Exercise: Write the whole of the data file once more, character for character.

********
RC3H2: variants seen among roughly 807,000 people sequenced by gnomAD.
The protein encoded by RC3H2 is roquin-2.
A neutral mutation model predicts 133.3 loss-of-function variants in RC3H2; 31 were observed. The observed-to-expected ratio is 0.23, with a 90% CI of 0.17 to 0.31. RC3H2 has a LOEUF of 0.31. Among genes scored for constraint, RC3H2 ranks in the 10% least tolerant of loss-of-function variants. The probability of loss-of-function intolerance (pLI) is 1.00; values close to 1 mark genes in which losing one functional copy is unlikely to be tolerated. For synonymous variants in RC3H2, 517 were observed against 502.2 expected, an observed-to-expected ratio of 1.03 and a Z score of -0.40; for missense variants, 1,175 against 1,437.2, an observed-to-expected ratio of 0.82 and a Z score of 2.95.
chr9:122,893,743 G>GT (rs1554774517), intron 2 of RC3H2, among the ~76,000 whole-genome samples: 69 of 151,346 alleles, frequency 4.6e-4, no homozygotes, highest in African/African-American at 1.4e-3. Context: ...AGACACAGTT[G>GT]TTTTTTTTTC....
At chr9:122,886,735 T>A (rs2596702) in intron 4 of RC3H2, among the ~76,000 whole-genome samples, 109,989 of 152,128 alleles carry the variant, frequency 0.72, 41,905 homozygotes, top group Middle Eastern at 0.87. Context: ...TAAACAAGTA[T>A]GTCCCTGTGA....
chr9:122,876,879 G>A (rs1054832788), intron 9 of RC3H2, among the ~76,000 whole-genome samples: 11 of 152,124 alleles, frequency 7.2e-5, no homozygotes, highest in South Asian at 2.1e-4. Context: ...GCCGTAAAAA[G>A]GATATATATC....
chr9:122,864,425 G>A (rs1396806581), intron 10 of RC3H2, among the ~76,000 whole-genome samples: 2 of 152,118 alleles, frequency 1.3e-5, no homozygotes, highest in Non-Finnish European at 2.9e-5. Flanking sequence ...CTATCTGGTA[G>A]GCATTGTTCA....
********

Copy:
RC3H2: variants seen among roughly 807,000 people sequenced by gnomAD.
The protein encoded by RC3H2 is roquin-2.
A neutral mutation model predicts 133.3 loss-of-function variants in RC3H2; 31 were observed. The observed-to-expected ratio is 0.23, with a 90% CI of 0.17 to 0.31. RC3H2 has a LOEUF of 0.31. Among genes scored for constraint, RC3H2 ranks in the 10% least tolerant of loss-of-function variants. The probability of loss-of-function intolerance (pLI) is 1.00; values close to 1 mark genes in which losing one functional copy is unlikely to be tolerated. For synonymous variants in RC3H2, 517 were observed against 502.2 expected, an observed-to-expected ratio of 1.03 and a Z score of -0.40; for missense variants, 1,175 against 1,437.2, an observed-to-expected ratio of 0.82 and a Z score of 2.95.
chr9:122,893,743 G>GT (rs1554774517), intron 2 of RC3H2, among the ~76,000 whole-genome samples: 69 of 151,346 alleles, frequency 4.6e-4, no homozygotes, highest in African/African-American at 1.4e-3. Context: ...AGACACAGTT[G>GT]TTTTTTTTTC....
At chr9:122,886,735 T>A (rs2596702) in intron 4 of RC3H2, among the ~76,000 whole-genome samples, 109,989 of 152,128 alleles carry the variant, frequency 0.72, 41,905 homozygotes, top group Middle Eastern at 0.87. Context: ...TAAACAAGTA[T>A]GTCCCTGTGA....
chr9:122,876,879 G>A (rs1054832788), intron 9 of RC3H2, among the ~76,000 whole-genome samples: 11 of 152,124 alleles, frequency 7.2e-5, no homozygotes, highest in South Asian at 2.1e-4. Context: ...GCCGTAAAAA[G>A]GATATATATC....
chr9:122,864,425 G>A (rs1396806581), intron 10 of RC3H2, among the ~76,000 whole-genome samples: 2 of 152,118 alleles, frequency 1.3e-5, no homozygotes, highest in Non-Finnish European at 2.9e-5. Flanking sequence ...CTATCTGGTA[G>A]GCATTGTTCA....